One of the articles purported to be a reprint of a speech Congressman Lincoln made before the House of Representatives in 1848 condemning the War with Mexico. It’s not unusual that a President of the United States would condemn the war—in his autobiography Ulysses S. Grant, who served in the war with distinction, said it was one of the greatest injustices a stronger country could visit upon a weaker. What was unusual about the speech was something Lincoln supposedly said about disaffected citizens rising up and throwing off their government.  The remarks were so contrary to Lincoln’s position during the Civil War that I hardly credited the words as coming out of the future President’s mouth. I went to the Collected Works of Abraham Lincoln to verify that Lincoln actually spoke those words, and found that the article quoted him correctly. Here’s what he said:

Any people anywhere, being inclined and having the power, have the right to rise up, and shake off the existing government, and form a new one that suits them better. This is a most valuable—a most sacred right—a right, which we hope and believe, is to liberate the world. Nor is this right confined to cases in which the whole people of an existing government, may choose to exercise it. Any portion of such people that can, may revolutionize, and make their own, of so much of the territory as they inhabit. More than this, a majority of any portion of such people may revolutionize, putting down a minority, intermingled with, or near about them, who may oppose their movement. Such minority, was precisely the case, of the Tories of our own revolution. It is a quality of revolutions not to go by old lines, or old laws; but to break up both, and make new ones.

Lincoln apparently had changed his mind by the time the Southern states began the process of trying to “rise up, and shake off the existing government, and form a new one that suit[ed] them better.” If he hadn't changed his mind, there might not be a United States today.

Sunday, August 10, 2014


For my entire career as a trial lawyer, I practiced in the Third Judicial Circuit, which covers seven counties in North Central Florida. When the circuits were created in Florida, the state was a sparsely populated frontier-like state which was as wild and woolly as any state in the West of the 1800’s.  For a description of old-time Florida, you can’t do better than to read Patrick  D. Smith's novel A Land Remembered, which describes the free-range cattle industry in early Florida. (My ancestors on my mother’s side free-ranged cattle from Newberry and Olustee down into central Florida.) In such primitive conditions, with so few people scattered over such a large area, it was easier for courts to come to the people rather than for people to come to the court. Each county in a circuit had a fall and spring term of court which lasted one to two weeks. The terms were staggered so that the circuit judge could ride from one county to another in a circuit. Local legend has it that in the Third Circuit, Judge Hal Adams was still riding a mule from county to county as late as the 1950’s.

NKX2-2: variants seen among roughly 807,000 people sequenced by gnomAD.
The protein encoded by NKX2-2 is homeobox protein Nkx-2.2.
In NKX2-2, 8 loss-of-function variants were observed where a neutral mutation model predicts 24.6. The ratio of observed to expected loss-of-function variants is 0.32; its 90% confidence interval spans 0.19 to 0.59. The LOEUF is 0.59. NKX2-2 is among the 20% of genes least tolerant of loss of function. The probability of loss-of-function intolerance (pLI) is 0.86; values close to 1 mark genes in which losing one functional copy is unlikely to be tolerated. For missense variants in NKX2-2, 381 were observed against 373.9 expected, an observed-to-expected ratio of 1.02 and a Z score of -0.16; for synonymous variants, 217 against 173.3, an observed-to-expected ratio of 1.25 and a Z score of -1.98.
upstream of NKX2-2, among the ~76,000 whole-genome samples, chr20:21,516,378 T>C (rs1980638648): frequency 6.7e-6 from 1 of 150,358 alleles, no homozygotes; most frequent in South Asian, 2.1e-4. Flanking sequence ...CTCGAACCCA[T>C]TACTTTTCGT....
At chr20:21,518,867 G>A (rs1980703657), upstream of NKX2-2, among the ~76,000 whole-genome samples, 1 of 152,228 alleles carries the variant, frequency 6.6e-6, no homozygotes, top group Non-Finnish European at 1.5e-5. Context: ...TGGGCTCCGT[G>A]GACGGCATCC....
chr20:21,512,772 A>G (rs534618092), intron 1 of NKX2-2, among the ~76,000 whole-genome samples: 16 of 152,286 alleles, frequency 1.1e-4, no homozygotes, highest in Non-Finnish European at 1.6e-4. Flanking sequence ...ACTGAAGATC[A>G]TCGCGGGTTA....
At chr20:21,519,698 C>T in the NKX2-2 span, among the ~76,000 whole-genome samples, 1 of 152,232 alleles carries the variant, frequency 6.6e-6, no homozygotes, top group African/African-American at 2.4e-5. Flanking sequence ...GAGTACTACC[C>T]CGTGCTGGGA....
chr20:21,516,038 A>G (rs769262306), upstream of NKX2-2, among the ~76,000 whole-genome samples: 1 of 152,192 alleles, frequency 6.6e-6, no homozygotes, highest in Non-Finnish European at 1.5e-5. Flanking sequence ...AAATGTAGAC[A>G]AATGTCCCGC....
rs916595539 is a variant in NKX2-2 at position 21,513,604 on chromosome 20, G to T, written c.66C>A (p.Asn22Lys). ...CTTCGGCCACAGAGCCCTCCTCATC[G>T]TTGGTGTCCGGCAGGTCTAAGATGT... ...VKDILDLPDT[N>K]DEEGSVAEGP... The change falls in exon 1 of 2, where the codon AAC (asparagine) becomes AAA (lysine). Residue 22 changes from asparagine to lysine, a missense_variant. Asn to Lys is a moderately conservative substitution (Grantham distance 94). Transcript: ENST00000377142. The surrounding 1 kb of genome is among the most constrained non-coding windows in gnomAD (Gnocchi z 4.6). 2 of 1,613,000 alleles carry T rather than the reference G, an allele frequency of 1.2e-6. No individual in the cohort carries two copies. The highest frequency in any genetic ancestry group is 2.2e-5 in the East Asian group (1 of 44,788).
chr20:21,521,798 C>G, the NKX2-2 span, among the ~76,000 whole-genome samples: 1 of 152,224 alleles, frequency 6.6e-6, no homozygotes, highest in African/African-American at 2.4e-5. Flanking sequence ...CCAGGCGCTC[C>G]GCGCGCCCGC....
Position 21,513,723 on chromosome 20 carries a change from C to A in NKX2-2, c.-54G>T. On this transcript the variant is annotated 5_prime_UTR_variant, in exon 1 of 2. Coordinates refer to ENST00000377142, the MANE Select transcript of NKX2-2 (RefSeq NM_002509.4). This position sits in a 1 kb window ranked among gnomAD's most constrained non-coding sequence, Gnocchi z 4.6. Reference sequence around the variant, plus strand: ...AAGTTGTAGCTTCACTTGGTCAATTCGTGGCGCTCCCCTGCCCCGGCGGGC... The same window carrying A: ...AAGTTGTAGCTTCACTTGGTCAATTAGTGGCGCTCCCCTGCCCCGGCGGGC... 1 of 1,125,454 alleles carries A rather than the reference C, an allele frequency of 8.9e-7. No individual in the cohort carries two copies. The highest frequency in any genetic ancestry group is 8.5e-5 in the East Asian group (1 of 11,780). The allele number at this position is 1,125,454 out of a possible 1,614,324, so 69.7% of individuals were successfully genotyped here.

When I started practicing back in the 1970’s Florida still had terms of court, but there was too much business to hold court as was done in the old days. We held unofficial terms of court every seven weeks. Each week we would hold court in a different county, and on the eighth week we would go back to the first county on the list. This modified form of circuit riding was breaking down under the weight of growing population and had completely disappeared by the 1980’s. But it was fun while it lasted. Every week you were in a different county, and you tried cases one after another for a week. Sometimes you would try as many as four felony jury trials in one day. This gave me and my young colleagues a baptism of fire where you learned quickly or perished. I wouldn’t wish such an introduction to the practice of law on my worst enemy today.   

Can you imagine my surprise (and my pleasure) to discover that Abraham Lincoln’s trial practice was very similar to what I experienced in the 1970’s? He practiced in the Eighth Circuit of Illinois, which at one time encompassed 14 counties. The lawyers of the circuit would ride from county to county with the circuit judge for each term of court and would spend a week or two trying cases one right after another until it was time to go to the next county. They didn’t have cars, and the roads were not good, so when a lawyer embarked on his circuit, he wouldn’t return home until all the business was done in every court he visited. Lincoln was one of the few lawyers who visited every county in the circuit during both fall and spring terms, which meant that he was gone from home for approximately six months of every year.

The lawyers formed a brotherhood which, like Shakespeare’s lawyers, would “strive mightily [in court], but eat and drink as friends.” (The Taming of the Shrew, 1.2.280). Something else the lawyers did mightily was complain about conditions on the circuit—muddy roads, barely passable fords, bedbug infested hotels where they slept two or more to a bed, and food which was near-indigestible were just a few of the hardships faced by Illinois’s aspiring antebellum trial lawyers. Lincoln never complained. He even worked a reference to his being bitten by bedbugs (or maybe it was lice) into his cross-examination of a medical expert in a murder trial.